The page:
Facebook critics launch their own oversight board as 'emergency response' ahead of election

A lit sign is seen at the entrance to Facebook's corporate headquarters location in Menlo Park, California on March 21, 2018.
(Image credit: JOSH EDELSON/AFP via Getty Images)

If you want an oversight board done right, you have to launch it yourself, Facebook's critics have evidently decided.

Facebook is launching an independent oversight board, a so-called "Supreme Court" to which moderation decisions can be appealed, but on Friday, 25 experts and outspoken Facebook critics announced they're forming the "Real Facebook Oversight Board," their own group that will "analyze and critique Facebook's content moderation decisions, policies and other platform issues in the run-up to the presidential election and beyond," NBC News reports.

The advocacy group The Citizens is behind the Real Facebook Oversight Board, which consists of civil rights leaders and academics among other experts who reportedly plan to meet weekly over Zoom. The Citizens' founder, journalist Carole Cadwalladr, described this as an "emergency response."

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"We know there are going to be a series of incidents leading up to the election and beyond in which Facebook is crucial," Cadwalladr told NBC News. "This is a real-time response from an authoritative group of experts to counter the spin Facebook is putting out."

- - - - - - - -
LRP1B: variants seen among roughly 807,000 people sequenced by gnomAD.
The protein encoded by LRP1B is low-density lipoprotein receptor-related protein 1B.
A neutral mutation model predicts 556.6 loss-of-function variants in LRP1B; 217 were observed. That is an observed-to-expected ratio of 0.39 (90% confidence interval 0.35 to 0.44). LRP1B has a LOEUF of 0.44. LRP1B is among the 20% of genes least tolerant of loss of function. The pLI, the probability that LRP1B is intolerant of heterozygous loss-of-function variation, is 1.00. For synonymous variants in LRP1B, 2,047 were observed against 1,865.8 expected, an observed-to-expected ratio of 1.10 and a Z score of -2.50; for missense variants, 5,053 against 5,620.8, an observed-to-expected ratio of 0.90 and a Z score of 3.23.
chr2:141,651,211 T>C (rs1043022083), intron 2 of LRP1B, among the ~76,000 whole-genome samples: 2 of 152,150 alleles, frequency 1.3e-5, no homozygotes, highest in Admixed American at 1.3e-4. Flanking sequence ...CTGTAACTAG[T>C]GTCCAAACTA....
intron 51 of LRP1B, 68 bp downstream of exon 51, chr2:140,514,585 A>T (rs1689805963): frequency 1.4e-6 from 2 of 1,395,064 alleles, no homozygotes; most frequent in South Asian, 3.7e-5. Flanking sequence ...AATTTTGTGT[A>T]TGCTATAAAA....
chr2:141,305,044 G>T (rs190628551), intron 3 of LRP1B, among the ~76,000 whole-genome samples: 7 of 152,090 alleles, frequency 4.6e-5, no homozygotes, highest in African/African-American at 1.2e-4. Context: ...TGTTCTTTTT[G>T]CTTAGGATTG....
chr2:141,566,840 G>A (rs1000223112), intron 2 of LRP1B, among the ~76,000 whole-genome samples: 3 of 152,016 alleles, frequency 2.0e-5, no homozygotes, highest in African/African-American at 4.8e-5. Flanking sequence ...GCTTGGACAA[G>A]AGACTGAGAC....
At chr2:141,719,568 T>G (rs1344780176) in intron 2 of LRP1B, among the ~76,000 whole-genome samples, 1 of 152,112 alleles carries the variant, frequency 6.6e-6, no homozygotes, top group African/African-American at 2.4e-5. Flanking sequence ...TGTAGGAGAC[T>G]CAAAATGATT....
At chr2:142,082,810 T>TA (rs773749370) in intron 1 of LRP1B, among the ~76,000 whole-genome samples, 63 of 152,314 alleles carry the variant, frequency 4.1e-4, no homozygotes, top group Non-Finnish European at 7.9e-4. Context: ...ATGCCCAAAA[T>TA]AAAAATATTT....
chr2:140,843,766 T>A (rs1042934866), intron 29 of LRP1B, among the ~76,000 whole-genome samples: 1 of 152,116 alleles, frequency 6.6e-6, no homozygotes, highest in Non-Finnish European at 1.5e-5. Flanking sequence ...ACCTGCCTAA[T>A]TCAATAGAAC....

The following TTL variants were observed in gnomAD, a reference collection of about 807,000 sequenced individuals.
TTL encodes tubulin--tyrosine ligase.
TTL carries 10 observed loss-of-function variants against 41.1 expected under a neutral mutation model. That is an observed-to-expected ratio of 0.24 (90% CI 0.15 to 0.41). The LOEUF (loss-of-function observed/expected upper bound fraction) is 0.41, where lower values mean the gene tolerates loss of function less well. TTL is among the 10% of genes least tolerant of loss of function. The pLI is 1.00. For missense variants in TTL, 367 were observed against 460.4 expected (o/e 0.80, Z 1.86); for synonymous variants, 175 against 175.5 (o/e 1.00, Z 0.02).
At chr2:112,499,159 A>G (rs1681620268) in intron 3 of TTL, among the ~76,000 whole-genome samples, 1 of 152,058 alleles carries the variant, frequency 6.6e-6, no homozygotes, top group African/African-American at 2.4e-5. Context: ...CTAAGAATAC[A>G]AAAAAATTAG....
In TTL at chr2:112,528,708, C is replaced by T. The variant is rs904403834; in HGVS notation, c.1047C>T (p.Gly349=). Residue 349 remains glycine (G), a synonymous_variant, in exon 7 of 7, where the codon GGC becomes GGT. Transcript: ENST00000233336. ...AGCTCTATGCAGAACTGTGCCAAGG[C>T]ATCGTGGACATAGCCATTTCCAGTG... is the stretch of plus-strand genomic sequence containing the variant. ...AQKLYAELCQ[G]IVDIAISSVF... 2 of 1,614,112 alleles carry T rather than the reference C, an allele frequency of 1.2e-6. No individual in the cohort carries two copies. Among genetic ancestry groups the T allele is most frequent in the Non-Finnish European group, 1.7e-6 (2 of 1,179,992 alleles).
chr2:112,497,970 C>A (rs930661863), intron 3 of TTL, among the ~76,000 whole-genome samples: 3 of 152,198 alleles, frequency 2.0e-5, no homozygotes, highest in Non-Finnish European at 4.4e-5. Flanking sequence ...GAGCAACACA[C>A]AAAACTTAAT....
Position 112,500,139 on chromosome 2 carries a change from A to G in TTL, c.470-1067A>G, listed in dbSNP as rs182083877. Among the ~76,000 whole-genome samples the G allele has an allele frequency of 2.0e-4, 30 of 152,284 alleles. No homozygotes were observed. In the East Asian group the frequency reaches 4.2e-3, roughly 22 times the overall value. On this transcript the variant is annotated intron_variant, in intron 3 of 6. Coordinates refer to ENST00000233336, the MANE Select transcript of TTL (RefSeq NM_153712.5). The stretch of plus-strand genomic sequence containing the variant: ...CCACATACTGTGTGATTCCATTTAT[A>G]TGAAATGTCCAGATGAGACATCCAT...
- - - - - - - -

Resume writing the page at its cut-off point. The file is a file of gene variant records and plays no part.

Though Facebook's oversight board is launching in October, according to The Verge, given how long the process is expected to take, "that will be too late to hear cases related to the U.S. election." Facebook, according to NBC News, "isn't welcoming the outside board" and has expressed disappointment over its formation, and The Verge notes the board "will hold no power and is largely meant as a symbolic gesture."

An apparent pitch deck for the project reported on by Axios, though, says it plans to use "stunts, viral video, celebrity endorsement and skillful media management to throw a spotlight on the real-time threats to democracy," adding, "Democracy needs its own PR team and creative agency. We are it."

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Brendan Morrow

Brendan is a staff writer at The Week. A graduate of Hofstra University with a degree in journalism, he also writes about horror films for Bloody Disgusting and has previously contributed to The Cheat Sheet, Heavy, WhatCulture, and more. He lives in New York City surrounded by Star Wars posters.